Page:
Working long hours simply for the sake of working long hours is counterproductive. It really doesn’t prove anything except that you have no life and that, despite all of their work on Apple Watch, Apple executives still do not understand basic human health requirements and are incapable of properly staffing their departments so that they can function without requiring sleep-deprived, mistake-prone employees who feel that it’s a job requirement to be able to reply to emails from managers at 2:00 am. That’s idiocy.

Driving too hard, too fast, and for too long leads to accidents.

We speak from experience, albeit at a far, far smaller level than yours. We’ve tried and been exposed to several methods as both managers and employees in the television, financial, and online media industries. Regardless of the size of your department or company, people are people. You can push people to a point that’s very productive, but when you exceed that point, it’s all downhill for everyone involved. It’s not a badge of honor. It’s not an “I love this company!” statement. It’s simply mismanagement. It’s verifiably unhealthy and it leads directly to diminished quality, increased turnover, and productivity declines. And customer satisfaction ultimately suffers. Hence this letter.

Bottom line: We long to again be able to confidently say of our Macs, iPhones, and iPads: “It just works.”

 
Sincerely,

MacDailyNews

117 Comments

  1. Agree 100%, MDN!! Read you daily, and your articles are well thought out and clear.
    My thoughts exactly..and I fear “Apple” is losing their touch, talent, and senses!! Ever see a company this size crash and burn? Their loyal customers are!!
    And what were they (he) thinking when introducing “softer tones”?? I can’t read the bloody minuscule letters in iTunes!! Light gray on white? Elegant? Noooooo..crossed eyes and eye-strain!! NOT elegant. Idiotic!! Leave well enough alone!! You ARE going to lose your trusty loyal apple eaters, if you don’t fix it, and NOW!!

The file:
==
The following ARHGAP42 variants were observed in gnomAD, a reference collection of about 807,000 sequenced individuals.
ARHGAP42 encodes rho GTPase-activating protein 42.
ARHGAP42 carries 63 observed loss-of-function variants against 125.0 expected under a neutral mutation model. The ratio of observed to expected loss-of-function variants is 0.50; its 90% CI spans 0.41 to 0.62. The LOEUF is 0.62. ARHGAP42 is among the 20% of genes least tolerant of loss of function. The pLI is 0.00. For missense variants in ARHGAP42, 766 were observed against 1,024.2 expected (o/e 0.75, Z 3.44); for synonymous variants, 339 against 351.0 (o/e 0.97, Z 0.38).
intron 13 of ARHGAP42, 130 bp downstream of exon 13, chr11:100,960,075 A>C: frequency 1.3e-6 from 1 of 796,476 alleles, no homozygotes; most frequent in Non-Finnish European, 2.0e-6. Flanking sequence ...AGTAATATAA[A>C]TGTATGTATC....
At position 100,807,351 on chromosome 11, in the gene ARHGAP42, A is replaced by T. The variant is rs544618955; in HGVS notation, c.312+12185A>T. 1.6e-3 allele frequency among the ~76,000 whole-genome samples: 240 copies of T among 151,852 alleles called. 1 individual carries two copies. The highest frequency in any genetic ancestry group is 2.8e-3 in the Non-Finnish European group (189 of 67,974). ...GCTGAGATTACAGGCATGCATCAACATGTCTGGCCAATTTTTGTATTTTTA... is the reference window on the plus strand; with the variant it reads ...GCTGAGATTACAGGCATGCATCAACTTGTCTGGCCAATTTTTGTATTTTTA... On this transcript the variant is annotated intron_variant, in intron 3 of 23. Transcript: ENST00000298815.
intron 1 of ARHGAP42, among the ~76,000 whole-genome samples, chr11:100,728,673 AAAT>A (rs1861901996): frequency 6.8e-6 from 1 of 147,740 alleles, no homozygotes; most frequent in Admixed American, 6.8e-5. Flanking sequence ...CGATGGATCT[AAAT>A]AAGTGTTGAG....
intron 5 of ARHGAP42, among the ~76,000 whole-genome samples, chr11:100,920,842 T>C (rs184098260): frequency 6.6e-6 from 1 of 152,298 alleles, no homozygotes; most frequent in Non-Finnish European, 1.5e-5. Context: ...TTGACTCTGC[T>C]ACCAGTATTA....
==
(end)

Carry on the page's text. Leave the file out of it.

Thanks..I needed that. 😜

  2. > … customer satisfaction suffers …

    As a measure of customer loyalty towards Apple operating systems software: a Net Promoter® score for Yosemite was around sixty-six percent lower than the NPS for Mavericks.

    https://imgur.com/a/aH7ul places those two versions of OS X on a radar chart alongside two prior points of reference, and iOS 8.x.

    Figures were based on results from polls in MacRumors Forums. Those results should not be treated as conclusive, so there’s a shared wish for better measurements. Amongst my efforts to realise that wish: https://twitter.com/grahamperrin/status/546068394307780608

    If MacDailyNews can host a reasonably well-attended poll – or steer me towards a willing publisher with polling capabilities – I’ll be most grateful.

  3. This ain’t 1984, everything is a lot more complex these days, you got be on the move these days or get left behind.